Type , followed by a number and Return, and the playhead will subtract that duration to the current playhead location and move left.

If you enter a number greater than your frame rate, Premiere will automatically calculate the correct duration.


… for Apple Final Cut Pro X

Tip #997: A Faster Way to Jump

Larry Jordan – LarryJordan.com

Click the timecode then enter the timecode where you want to jump the playhead.

Click the timecode (top) then enter a timecode to “jump” the playhead.

Topic $TipTopic

As projects get bigger, finding faster ways to move around means you can get more done in less time. Here’s a cool trick.

Click directly on the timecode numbers at the bottom of the Viewer, then enter the timecode where you want to move the playhead.

Press Return and the playhead jumps there instantly.

EXTRA CREDIT

Enter timecode as HHMMSSFF, without punctuation.

Type +, followed by a number and Return, and the playhead will add that duration to the current playhead location and move right.

Type , followed by a number and Return, and the playhead will subtract that duration to the current playhead location and move left.

If you enter a number greater than your frame rate, FCP X will automatically calculate the correct duration.


… for Random Weirdness

Tip #951: 5 Easy Hacks for a Solo Shoot

Larry Jordan – LarryJordan.com

These five tips will help improve your next shoot.

(Image courtesy of Pexels.com.)

Topic $TipTopic

This article, written by Tanner Shinnick, first appeared in PremiumBeat.com. This is an excerpt.

Work smarter, not harder! Tips, tricks, hacks — whatever you call them — these five easy moves will make your next solo video shoot better.

Clients are looking for every opportunity to cut costs and save money. Yet, with customers spending more time online looking at screens, they need more video than ever. And that means there’s money to be made by videographers and filmmakers with the right gear, attitude, and hustle to offer end-to-end, turnkey production capabilities.

  1. Use Camera and Equipment Carts. When you’re working alone, minimizing the amount of equipment you need to carry is absolutely key. As such, gear and camera carts are total game-changers.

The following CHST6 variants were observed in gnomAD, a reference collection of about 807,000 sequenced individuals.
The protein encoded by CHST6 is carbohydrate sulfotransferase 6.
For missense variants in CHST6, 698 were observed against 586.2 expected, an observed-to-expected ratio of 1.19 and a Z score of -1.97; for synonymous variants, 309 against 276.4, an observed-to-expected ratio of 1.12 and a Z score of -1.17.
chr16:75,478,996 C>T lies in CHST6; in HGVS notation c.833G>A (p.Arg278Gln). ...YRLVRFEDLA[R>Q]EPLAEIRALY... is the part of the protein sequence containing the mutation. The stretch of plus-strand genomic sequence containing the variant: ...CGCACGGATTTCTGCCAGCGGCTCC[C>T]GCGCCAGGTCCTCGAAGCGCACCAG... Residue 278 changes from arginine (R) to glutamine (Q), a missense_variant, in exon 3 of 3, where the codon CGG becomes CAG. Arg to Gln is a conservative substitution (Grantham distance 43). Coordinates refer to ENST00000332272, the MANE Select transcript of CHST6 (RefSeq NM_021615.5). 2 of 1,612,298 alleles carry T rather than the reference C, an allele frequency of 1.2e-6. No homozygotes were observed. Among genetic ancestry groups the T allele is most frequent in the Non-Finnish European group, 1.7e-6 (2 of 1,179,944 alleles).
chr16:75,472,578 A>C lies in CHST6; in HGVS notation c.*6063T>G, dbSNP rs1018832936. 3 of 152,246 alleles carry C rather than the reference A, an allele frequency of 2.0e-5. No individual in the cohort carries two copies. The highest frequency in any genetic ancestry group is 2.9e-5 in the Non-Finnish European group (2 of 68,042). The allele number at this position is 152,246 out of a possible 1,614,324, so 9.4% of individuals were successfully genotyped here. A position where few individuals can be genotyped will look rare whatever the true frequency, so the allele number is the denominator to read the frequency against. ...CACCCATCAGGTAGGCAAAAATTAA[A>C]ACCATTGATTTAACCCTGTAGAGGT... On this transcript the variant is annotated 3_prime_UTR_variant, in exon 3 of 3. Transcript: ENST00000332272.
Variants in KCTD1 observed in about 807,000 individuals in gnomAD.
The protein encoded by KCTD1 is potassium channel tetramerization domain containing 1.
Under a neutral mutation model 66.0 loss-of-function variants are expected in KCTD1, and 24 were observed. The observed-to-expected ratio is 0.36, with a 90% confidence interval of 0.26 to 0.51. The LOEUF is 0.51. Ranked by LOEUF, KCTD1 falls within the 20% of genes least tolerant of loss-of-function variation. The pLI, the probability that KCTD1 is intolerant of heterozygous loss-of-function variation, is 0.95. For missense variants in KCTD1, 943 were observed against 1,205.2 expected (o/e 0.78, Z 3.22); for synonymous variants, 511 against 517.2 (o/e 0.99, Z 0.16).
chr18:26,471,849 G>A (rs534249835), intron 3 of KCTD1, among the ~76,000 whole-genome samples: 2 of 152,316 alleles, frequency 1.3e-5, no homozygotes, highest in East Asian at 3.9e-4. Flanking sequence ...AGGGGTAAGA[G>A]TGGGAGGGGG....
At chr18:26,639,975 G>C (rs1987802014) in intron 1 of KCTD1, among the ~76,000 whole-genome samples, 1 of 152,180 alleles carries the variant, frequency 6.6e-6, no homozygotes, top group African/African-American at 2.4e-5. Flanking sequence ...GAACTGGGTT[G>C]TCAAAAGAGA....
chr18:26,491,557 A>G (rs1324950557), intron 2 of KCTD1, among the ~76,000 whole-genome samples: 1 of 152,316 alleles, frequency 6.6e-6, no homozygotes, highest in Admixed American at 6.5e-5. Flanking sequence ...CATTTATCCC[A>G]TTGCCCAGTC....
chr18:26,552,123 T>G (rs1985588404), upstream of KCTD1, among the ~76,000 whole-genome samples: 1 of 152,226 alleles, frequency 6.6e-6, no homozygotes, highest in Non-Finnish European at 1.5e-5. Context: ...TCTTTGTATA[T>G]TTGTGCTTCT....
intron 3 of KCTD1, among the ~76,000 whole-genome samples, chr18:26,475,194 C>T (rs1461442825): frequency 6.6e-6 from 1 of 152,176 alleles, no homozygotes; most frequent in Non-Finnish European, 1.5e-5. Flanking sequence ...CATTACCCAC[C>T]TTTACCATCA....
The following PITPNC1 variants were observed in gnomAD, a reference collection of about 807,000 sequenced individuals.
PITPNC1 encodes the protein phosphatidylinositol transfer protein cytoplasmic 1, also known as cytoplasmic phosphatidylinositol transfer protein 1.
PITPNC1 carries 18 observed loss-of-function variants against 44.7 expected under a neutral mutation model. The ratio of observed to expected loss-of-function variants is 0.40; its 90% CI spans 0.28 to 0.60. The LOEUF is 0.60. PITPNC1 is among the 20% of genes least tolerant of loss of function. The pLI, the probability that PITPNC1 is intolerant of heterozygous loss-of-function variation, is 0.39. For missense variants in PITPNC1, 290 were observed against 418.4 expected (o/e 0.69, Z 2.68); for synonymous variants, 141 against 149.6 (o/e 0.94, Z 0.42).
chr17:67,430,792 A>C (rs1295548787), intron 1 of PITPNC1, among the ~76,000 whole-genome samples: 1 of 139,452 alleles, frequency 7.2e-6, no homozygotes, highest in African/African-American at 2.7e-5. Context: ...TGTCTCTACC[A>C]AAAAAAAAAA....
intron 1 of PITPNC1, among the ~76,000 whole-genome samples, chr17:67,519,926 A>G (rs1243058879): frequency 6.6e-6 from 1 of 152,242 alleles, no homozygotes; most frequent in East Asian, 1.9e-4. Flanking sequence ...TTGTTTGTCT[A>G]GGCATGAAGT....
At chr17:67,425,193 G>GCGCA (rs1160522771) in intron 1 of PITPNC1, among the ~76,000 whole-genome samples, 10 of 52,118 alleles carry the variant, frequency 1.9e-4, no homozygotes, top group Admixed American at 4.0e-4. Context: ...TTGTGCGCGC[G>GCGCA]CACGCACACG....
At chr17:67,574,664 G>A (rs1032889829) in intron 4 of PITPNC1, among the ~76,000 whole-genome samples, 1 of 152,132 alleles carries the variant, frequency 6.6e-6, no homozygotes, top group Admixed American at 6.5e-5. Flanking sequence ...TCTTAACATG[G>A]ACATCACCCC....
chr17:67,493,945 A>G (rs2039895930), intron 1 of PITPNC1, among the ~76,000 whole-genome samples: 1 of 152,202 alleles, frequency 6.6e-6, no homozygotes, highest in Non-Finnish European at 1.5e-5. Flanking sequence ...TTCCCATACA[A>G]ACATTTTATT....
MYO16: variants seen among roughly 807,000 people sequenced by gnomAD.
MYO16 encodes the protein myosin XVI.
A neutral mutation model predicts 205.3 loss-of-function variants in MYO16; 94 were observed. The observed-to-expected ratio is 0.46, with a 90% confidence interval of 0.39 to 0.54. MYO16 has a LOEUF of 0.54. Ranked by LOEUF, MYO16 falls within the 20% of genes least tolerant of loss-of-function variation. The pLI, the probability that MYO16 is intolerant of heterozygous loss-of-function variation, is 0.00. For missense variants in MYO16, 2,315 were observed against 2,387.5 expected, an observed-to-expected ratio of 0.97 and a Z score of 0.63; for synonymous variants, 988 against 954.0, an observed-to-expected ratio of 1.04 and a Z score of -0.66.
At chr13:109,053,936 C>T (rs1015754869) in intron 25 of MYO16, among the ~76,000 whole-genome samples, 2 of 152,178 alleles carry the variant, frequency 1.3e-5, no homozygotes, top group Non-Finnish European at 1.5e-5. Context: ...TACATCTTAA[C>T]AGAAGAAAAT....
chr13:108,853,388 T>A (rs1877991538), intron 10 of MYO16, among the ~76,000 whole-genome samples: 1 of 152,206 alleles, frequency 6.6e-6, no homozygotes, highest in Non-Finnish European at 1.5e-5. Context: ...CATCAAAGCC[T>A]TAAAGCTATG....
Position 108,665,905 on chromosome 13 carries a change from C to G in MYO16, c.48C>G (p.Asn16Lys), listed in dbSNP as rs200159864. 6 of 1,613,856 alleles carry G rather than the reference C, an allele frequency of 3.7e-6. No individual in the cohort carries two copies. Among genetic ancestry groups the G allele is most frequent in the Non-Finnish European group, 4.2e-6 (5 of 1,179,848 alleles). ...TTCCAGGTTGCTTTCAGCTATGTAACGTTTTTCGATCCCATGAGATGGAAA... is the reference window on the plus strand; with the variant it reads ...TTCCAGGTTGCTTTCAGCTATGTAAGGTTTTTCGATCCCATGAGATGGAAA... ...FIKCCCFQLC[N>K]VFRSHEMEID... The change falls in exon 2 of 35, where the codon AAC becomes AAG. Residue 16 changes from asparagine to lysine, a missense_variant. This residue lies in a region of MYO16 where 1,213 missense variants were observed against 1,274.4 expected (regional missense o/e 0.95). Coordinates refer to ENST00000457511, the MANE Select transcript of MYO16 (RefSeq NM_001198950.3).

2. Don’t Sleep on B-Roll. When you’re on a solo shoot, the stress may begin to set in and you might think you’re saving time and energy by sacrificing B-roll. Don’t believe it. You’re filming solo, sure, but that doesn’t mean it has to look like you filmed alone.
  3. Choose Zooms Over Primes. Most of the time, I love a solid prime over a zoom. However, man, they sure do slow you down. For solo operators, choosing a zoom over a prime is an absolute must.
  4. Bring Extra Media. Whenever I’m working a solo shoot, I bring enough media to last me the entire day.
  5. Embrace Stock Footage. Stock footage is a smart choice when you need shots that scheduling, headcount, and gear limitations don’t allow for. It’s an even smarter choice when you make the clips part of your plan right from the start of your project.

The article link at the top has more tips, links and a video on solo shooting.


… for Adobe Premiere Pro CC

Tip #943: What is a Stacked Panel Group?

Larry Jordan – LarryJordan.com

Stacked menus are often better when working on a smaller monitor.

Premiere panels displayed stacked, and the menu that activates them (inset).

Topic $TipTopic

In the fly-out menu for most panels, there’s an option for “Stacked Panel Groups.” Ever wonder what this does? Here’s the answer.

When you click the fly-out menu (pancakes) next to most panel names, one of the options is Panel Group Settings.

Click it and the menu shown in the screen shot appears.

The default setting has both Stacked Panel Groups and Solo Panels in Stack unchecked.

When you check Stacked Panel Groups, all panels in that group are listed vertically (see screen shot).

When Solo Panels in Stack is checked, only the contents of the currently active panel are displayed. Otherwise, the contents of all open panels are visible.

NOTE: The Solo option only applies when panels are stacked. The benefit to using Solo is that it keeps the interface cleaner on smaller monitors.


… for Apple Final Cut Pro X

Tip #871: A Faster Way to Change Durations

Larry Jordan – LarryJordan.com

I use this technique in virtually every project – especially for transitions.

Setting a duration in the timecode display.

Topic $TipTopic

I illustrated this tip while presenting a recent webinar covering the basics of editing in Final Cut Pro X.